Divorce: Legal Opinion

Ministry of Justice written question – answered on 23rd December 2020.

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Photo of Bob Neill Bob Neill Chair, Justice Committee, Chair, Justice Committee

To ask the Secretary of State for Justice, what steps his Department is taking to promote access to early legal advice for divorcing couples.

Photo of Bob Neill Bob Neill Chair, Justice Committee, Chair, Justice Committee

To ask the Secretary of State for Justice, what assessment his Department has made of the effect of reductions in legal aid on access to professional or legal support for divorcing couples.

Photo of Bob Neill Bob Neill Chair, Justice Committee, Chair, Justice Committee

To ask the Secretary of State for Justice, what assessment he has made of the potential effect of improved early access to professional advice for divorcing couples on conflict and the mental health of those involved.

Photo of Bob Neill Bob Neill Chair, Justice Committee, Chair, Justice Committee

To ask the Secretary of State for Justice, what assessment he has made of the potential benefits to the (a) public purse and (b) court system of ensuring legal aid is accessible in family law cases.

Photo of Bob Neill Bob Neill Chair, Justice Committee, Chair, Justice Committee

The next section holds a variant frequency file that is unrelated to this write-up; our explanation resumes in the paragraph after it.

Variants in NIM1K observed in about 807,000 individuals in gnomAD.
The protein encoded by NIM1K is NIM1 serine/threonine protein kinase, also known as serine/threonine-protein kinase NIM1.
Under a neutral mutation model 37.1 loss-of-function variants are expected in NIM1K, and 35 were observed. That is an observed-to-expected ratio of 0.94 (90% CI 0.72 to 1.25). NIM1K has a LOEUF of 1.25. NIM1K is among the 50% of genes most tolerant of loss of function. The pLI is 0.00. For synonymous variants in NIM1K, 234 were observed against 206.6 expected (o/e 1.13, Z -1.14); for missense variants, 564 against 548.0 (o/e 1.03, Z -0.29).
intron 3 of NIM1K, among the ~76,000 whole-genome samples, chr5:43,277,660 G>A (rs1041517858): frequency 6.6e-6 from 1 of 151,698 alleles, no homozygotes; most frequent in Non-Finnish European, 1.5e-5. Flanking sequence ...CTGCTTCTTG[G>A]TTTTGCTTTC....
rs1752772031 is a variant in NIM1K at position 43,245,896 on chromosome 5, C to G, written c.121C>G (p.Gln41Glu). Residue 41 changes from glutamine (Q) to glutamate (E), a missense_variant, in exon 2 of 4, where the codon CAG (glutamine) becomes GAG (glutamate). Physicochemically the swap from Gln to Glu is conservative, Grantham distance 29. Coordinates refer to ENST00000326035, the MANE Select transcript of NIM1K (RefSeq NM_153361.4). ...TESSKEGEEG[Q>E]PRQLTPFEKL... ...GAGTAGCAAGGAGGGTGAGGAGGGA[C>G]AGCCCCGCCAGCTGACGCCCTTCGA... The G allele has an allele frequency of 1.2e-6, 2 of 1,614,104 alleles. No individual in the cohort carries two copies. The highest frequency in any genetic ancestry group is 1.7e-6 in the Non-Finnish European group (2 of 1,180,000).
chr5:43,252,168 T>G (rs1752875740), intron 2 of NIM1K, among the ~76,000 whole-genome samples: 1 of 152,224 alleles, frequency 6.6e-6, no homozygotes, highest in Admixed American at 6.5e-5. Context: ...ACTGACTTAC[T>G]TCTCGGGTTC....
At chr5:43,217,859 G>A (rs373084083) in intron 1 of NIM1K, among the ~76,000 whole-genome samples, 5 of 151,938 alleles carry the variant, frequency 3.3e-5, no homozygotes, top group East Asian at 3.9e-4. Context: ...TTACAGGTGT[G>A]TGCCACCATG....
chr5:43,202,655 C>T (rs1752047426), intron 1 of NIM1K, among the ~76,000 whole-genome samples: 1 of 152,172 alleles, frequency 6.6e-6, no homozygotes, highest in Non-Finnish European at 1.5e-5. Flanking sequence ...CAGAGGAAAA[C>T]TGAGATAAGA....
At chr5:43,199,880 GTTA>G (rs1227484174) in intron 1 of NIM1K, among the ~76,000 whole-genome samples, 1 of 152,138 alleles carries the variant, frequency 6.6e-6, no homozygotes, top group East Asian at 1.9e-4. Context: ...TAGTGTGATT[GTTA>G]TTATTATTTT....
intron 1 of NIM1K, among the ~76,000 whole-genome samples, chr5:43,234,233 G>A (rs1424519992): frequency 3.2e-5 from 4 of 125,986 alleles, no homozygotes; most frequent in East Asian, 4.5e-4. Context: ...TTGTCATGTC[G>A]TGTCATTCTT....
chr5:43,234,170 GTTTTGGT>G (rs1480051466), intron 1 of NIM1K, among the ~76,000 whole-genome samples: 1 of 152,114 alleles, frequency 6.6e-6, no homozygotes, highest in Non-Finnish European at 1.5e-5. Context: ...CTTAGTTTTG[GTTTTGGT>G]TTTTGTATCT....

To ask the Secretary of State for Justice, what assessment he has made of the potential merits of improving early legal advice for divorcing couples to help reduce pressure on family courts.

Photo of Alex Chalk Alex Chalk Assistant Whip, The Parliamentary Under-Secretary of State for Justice

We spent £1.7bn in 2019 on Legal Aid to ensure vulnerable people have access to proportionate legal advice and support and that we minimise the burden on courts and tribunals.

Legal aid is available for private family matters where an applicant is a victim of, or at risk of being a victim of domestic abuse or child abuse, subject to the means and merits criteria. The Exceptional Case Funding scheme provides legal aid in cases which fall out of scope. It provides legal aid where without it there would be a breach, or risk of a breach of, human rights, subject to the statutory means and merits test.

But legal aid is only one part of a broader picture. As set out in our Legal Support Action plan, there are other forms of support that can help people overcome their problems, such as legal information, guidance and signposting so that everyone can access justice in a way that best meets their needs.

In April we also launched the new, two-year, £3.1m Legal Support for Litigants in Person Grant, which is designed to fund services provided at local, regional and national levels with the aim of understanding more about how they can combine to help people. This new grant funding is in addition to the more than £9m that the MoJ has invested in support for litigants in person since 2015 through our existing Litigants in Person Support Strategy.

Her Majesty’s Courts and Tribunals Service has established 17 Nightingale courts across England and Wales, providing 32 additional court rooms, and are recruiting more staff.

Judicial sitting days in the family court have been increased and approximately £3.5m additional funding has helped Cafcass increase staffing levels to respond to record levels of open cases.

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